Customers are changing the way they work, and it is important to prepare accordingly to accompany them in this transformation. Today, clients base their decisions on ever larger and more disparate sets of data. As the ecosystem is becoming more complex and blurred — customers’ needs are becoming more mature (e.g. SLA’s). They have progressively higher expectations/i.e. more data source agnostic/multi-source solutions are needed to entice a long-tail new customer.
It is, therefore, our duty to make them easily accessible and make sense out of it, which means providing easy tools and world-class competencies, to analyze data and extract the information they are looking for, such as change detection and temporal analysis, statistics, or object detection.
Satellite operators like Airbus are striving to get geospatial embedded into business functions and this is leading to significant investment in technologies for the derivation of business insight and digital services.
Furthermore, we are also observing a growing demand for an open environment where entrepreneurs and companies can play with different geospatial components to build or complement their own services. The ambition in the short term is to offer this platform-as-a-service offer to a large community of geo and non-geo experts alike. We need to be more and more relevant within a growing marketplace.
AI and ML: Not buzzwords but concrete tools
Artificial intelligence and machine learning need to be part of a larger solution, as they don’t solve everything by themselves. With more data, scalable computing power and analytical capabilities, the time has come to make the best out of these capabilities. They are not buzzwords anymore, but concrete tools that really can change the game and play a key role in making geospatial more relevant. Today, the industry has a lot of skill to leverage on to tackle this by focusing on integration technologies and capabilities.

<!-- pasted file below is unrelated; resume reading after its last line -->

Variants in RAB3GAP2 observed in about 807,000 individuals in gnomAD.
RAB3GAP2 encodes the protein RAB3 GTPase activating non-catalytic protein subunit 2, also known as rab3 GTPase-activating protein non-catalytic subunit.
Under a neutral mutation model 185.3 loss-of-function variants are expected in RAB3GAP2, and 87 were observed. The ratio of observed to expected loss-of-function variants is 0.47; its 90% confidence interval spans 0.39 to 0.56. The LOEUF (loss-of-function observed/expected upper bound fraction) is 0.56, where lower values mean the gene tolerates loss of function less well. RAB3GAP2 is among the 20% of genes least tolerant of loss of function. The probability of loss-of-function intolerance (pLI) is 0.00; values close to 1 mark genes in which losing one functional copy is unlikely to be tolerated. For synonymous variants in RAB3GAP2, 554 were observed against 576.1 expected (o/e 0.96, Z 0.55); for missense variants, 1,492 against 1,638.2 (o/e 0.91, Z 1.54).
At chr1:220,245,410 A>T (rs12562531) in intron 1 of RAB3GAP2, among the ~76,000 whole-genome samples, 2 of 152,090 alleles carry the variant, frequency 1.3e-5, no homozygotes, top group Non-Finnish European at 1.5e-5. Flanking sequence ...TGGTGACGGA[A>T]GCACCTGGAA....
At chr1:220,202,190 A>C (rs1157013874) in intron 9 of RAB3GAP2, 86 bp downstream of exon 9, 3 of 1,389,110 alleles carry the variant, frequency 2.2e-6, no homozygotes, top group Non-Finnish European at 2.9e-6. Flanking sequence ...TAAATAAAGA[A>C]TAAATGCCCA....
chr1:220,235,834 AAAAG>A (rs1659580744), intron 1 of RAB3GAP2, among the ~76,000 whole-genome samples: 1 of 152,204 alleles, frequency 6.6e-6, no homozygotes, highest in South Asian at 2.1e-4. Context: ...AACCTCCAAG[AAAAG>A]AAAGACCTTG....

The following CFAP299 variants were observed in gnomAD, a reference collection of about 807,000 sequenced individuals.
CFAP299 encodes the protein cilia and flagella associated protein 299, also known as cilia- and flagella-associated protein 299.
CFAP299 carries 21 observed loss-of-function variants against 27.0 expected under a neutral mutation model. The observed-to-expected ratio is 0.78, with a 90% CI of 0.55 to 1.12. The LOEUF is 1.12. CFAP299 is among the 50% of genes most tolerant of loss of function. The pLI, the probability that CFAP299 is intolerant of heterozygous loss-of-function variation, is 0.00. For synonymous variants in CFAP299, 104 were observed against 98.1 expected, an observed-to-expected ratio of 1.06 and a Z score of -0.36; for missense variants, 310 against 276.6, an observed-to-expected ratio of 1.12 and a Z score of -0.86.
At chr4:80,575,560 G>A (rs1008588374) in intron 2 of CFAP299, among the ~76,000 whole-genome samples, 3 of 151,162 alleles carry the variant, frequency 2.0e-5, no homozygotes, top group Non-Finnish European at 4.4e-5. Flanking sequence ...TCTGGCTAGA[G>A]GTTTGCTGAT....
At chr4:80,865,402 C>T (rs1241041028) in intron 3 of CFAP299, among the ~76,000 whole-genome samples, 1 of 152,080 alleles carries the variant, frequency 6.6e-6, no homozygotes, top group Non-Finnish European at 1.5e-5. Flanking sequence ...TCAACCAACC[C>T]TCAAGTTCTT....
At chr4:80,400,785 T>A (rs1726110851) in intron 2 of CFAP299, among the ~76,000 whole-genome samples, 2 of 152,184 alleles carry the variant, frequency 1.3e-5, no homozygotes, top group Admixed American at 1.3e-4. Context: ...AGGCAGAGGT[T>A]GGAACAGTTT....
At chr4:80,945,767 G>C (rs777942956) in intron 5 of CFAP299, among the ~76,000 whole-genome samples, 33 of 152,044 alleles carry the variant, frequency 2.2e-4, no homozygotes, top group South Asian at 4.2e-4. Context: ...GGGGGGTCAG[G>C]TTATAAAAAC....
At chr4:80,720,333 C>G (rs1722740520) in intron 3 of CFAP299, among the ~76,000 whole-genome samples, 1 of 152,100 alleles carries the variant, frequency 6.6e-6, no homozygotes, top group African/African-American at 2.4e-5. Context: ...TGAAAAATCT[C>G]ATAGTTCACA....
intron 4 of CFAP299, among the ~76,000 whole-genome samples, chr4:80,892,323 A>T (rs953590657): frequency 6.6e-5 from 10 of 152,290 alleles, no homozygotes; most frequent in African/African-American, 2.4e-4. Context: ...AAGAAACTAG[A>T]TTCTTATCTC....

Also, Cloud-based solutions will continue to drive major investments to improve all facets of the geospatial business. We are embracing multi-source data, including non-geospatial datasets and advanced analytical processes. We aim to be responsible in two main ways: firstly, by pushing ourselves and leveraging the considerable resources.
Secondly, by having an open philosophy where we can embrace the creative energy from across our ecosystem. For instance, Airbus designed the One Atlas platform with the customers and for the customers for providing easier access to constantly updated premium imagery and 3D layers across the world, performing large-scale image processing and extracting industry-specific insights.
Heavy investments to fuel growth
In terms of funding models, the earth observation sector is undergoing significant changes from being a government-driven market to one with increasing private sector sponsorship aligned to expand towards more diverse use-cases. We need to be more and more relevant within a growing marketplace. In this regard, heavy investments are required into new space and ground assets, Cloud-based processing and solutions to provide new capabilities and improve the daily operations of customers. In this respect, benefitting from the financial support of Airbus and a pool of geospatial and aerospace expertise is a real advantage.
Additionally, partnerships and co-operation are at the core of our growth plan, and our recent experience with Planet and Orbital Insights comforts us in our willingness to use them to satisfy larger customer needs.
In recent times, technical innovation is also driving the compression of timelines, moving geospatial capabilities to embrace both strategic and operational (platform)/tactical (weapon/real-time business insight) applications. We aim to play an important role here by way of spending significant capital on bringing continuity assets to market. These activities are closely embedded with our R&D efforts that are essential to reinforce our technical leadership on key topics for the future.